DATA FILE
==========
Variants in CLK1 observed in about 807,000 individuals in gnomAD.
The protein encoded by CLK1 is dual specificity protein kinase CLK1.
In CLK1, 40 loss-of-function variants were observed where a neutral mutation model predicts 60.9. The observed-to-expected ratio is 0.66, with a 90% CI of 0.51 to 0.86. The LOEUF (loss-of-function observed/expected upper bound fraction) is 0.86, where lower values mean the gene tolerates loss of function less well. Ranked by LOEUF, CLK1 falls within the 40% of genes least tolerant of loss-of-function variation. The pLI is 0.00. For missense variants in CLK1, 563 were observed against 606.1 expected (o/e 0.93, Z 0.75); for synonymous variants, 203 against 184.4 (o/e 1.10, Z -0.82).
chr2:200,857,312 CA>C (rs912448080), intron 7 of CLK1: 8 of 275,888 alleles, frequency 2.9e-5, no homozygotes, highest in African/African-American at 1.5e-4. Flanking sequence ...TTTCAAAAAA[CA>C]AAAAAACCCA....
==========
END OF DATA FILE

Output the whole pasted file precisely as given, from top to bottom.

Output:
Variants in CLK1 observed in about 807,000 individuals in gnomAD.
The protein encoded by CLK1 is dual specificity protein kinase CLK1.
In CLK1, 40 loss-of-function variants were observed where a neutral mutation model predicts 60.9. The observed-to-expected ratio is 0.66, with a 90% CI of 0.51 to 0.86. The LOEUF (loss-of-function observed/expected upper bound fraction) is 0.86, where lower values mean the gene tolerates loss of function less well. Ranked by LOEUF, CLK1 falls within the 40% of genes least tolerant of loss-of-function variation. The pLI is 0.00. For missense variants in CLK1, 563 were observed against 606.1 expected (o/e 0.93, Z 0.75); for synonymous variants, 203 against 184.4 (o/e 1.10, Z -0.82).
chr2:200,857,312 CA>C (rs912448080), intron 7 of CLK1: 8 of 275,888 alleles, frequency 2.9e-5, no homozygotes, highest in African/African-American at 1.5e-4. Flanking sequence ...TTTCAAAAAA[CA>C]AAAAAACCCA....